– The Hinterland Employment Youth Service (HEYS) programme will continue in 2019. The programme provides Indigenous youth with opportunities to acquire income-earning skills. A total of 3,941 youths, between the ages of 18 and 35 from 215 Indigenous communities and villages have benefitted from this programme over the past two years.

Investment and trade

Mr. Speaker, your government will continue to attract and facilitate increased investment and trade. The Guyana Office for Investment (GOINVEST), in the first half of 2018, facilitated 57 projects with a proposed investment value of $10.4 billion and which were expected to create 696 jobs.

The Guyana Trade and Investment Exhibition, held only last month, and which saw the participation of 113 buyers and 56 exhibitors, provided a platform for local export-ready firms to engage international buyers.

Oil industry

Mr. Speaker, your government is developing the capability to effectively manage the oil and gas sector. We established, on the 1st August 2018, a Department of Energy to ensure that a sound organizational, administrative, legislative and regulatory framework would be put in place for the management of the sector in accordance with international best practice. The ‘Department’, whose remit includes renewable energy has commenced its work.

Oil production is expected to begin in 2020 and will be the most transformative economic development in our recent history. Your government is taking steps to ensure that the revenues which accrue from the sector will not be squandered but, instead, will be invested strategically in building human and institutional capacity, addressing our infrastructural deficit and providing economic security for future generations.

Your government is committed to transparency in the management of this sector. We have made public the petroleum contracts signed between investors and the Government of Guyana.

Work is continuing, also, on the Petroleum Commission Bill which has been re-drafted and forwarded to the Department of Energy for review. Other legislation which the Department of Energy is reviewing includes amendments to the Petroleum (Exploration and Production) Act and Regulations.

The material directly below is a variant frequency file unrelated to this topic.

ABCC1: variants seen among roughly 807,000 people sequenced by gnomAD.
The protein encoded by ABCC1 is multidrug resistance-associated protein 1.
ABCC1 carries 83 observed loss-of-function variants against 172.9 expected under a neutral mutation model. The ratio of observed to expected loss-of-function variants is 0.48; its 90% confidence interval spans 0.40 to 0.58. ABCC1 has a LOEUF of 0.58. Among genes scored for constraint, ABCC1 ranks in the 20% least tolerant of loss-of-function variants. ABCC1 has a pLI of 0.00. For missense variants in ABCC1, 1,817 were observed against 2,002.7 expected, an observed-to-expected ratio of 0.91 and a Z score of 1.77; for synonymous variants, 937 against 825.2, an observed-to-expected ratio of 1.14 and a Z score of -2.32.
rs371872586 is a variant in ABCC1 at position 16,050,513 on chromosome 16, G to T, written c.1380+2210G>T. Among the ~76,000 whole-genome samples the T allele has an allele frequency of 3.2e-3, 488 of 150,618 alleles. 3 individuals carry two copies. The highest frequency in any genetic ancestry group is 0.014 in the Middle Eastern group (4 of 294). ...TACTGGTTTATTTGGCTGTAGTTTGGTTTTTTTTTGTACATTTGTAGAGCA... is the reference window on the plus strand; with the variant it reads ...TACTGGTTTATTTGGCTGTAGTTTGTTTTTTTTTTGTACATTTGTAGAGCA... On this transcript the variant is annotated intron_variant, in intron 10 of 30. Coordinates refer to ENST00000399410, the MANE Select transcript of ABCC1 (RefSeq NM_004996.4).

Your government will ensure that oil revenues are prudently managed for the present and future generations in accordance with our objective of securing the good life for all. We shall do this through a Natural Resources Fund which will be established before first oil in 2020.

Priority will be given to investments in human capital, particularly our public education system and key catalytic infrastructural projects that improve productivity and bridge the divide between the coastland and hinterland.

We laid a Green Paper on the Natural Resources Fund, before this Assembly, in August. This action was consistent with our conviction that the people should fully understand the implications of the Fund and that they would be involved in the discussions concerning its establishment and management.

The legislation, as it stands, meets 21 of the 24 Santiago Principles with the other three principles being met once the legislation comes into force. It is being reviewed by Cabinet and the revised legislation will be laid in the National Assembly next month. This legislation is comprehensive and will ensure that revenues from petroleum are managed in a transparent and accountable manner.

We have already begun to build the capacity of key agencies concerned with management of the Natural Resources Fund and have developed an implementation plan to ensure that the Fund is fully operational in 2019 prior to first oil.

Natural resources